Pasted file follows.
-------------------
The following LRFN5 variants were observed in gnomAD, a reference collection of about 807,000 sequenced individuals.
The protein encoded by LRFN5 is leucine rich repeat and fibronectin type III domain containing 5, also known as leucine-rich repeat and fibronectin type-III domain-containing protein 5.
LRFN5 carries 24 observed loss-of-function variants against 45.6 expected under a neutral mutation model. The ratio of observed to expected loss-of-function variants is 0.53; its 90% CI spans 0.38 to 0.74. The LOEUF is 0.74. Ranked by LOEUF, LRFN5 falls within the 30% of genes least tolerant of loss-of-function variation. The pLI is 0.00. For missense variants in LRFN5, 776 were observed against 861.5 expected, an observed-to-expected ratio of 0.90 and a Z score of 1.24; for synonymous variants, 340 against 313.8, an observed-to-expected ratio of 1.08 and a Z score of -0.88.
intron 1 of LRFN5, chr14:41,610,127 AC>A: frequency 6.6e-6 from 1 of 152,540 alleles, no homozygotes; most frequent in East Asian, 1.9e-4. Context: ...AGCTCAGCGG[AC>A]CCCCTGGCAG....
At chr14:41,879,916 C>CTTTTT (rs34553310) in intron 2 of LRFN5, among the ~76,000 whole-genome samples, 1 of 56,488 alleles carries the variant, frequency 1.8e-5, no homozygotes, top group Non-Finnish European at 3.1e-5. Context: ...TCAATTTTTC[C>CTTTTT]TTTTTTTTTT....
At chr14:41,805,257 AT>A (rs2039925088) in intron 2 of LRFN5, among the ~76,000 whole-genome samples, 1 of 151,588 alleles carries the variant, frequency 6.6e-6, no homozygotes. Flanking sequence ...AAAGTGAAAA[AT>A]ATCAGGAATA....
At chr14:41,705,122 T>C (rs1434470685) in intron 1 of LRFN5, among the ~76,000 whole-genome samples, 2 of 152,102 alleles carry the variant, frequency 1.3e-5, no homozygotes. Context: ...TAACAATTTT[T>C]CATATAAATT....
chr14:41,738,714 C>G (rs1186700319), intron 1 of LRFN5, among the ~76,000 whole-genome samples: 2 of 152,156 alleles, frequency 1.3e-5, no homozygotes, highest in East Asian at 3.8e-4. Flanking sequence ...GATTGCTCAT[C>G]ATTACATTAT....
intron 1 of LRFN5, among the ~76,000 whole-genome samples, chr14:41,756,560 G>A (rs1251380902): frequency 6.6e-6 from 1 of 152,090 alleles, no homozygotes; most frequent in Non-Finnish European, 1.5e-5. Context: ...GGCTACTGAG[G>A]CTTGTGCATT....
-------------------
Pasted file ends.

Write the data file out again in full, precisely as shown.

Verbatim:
The following LRFN5 variants were observed in gnomAD, a reference collection of about 807,000 sequenced individuals.
The protein encoded by LRFN5 is leucine rich repeat and fibronectin type III domain containing 5, also known as leucine-rich repeat and fibronectin type-III domain-containing protein 5.
LRFN5 carries 24 observed loss-of-function variants against 45.6 expected under a neutral mutation model. The ratio of observed to expected loss-of-function variants is 0.53; its 90% CI spans 0.38 to 0.74. The LOEUF is 0.74. Ranked by LOEUF, LRFN5 falls within the 30% of genes least tolerant of loss-of-function variation. The pLI is 0.00. For missense variants in LRFN5, 776 were observed against 861.5 expected, an observed-to-expected ratio of 0.90 and a Z score of 1.24; for synonymous variants, 340 against 313.8, an observed-to-expected ratio of 1.08 and a Z score of -0.88.
intron 1 of LRFN5, chr14:41,610,127 AC>A: frequency 6.6e-6 from 1 of 152,540 alleles, no homozygotes; most frequent in East Asian, 1.9e-4. Context: ...AGCTCAGCGG[AC>A]CCCCTGGCAG....
At chr14:41,879,916 C>CTTTTT (rs34553310) in intron 2 of LRFN5, among the ~76,000 whole-genome samples, 1 of 56,488 alleles carries the variant, frequency 1.8e-5, no homozygotes, top group Non-Finnish European at 3.1e-5. Context: ...TCAATTTTTC[C>CTTTTT]TTTTTTTTTT....
At chr14:41,805,257 AT>A (rs2039925088) in intron 2 of LRFN5, among the ~76,000 whole-genome samples, 1 of 151,588 alleles carries the variant, frequency 6.6e-6, no homozygotes. Flanking sequence ...AAAGTGAAAA[AT>A]ATCAGGAATA....
At chr14:41,705,122 T>C (rs1434470685) in intron 1 of LRFN5, among the ~76,000 whole-genome samples, 2 of 152,102 alleles carry the variant, frequency 1.3e-5, no homozygotes. Context: ...TAACAATTTT[T>C]CATATAAATT....
chr14:41,738,714 C>G (rs1186700319), intron 1 of LRFN5, among the ~76,000 whole-genome samples: 2 of 152,156 alleles, frequency 1.3e-5, no homozygotes, highest in East Asian at 3.8e-4. Flanking sequence ...GATTGCTCAT[C>G]ATTACATTAT....
intron 1 of LRFN5, among the ~76,000 whole-genome samples, chr14:41,756,560 G>A (rs1251380902): frequency 6.6e-6 from 1 of 152,090 alleles, no homozygotes; most frequent in Non-Finnish European, 1.5e-5. Context: ...GGCTACTGAG[G>A]CTTGTGCATT....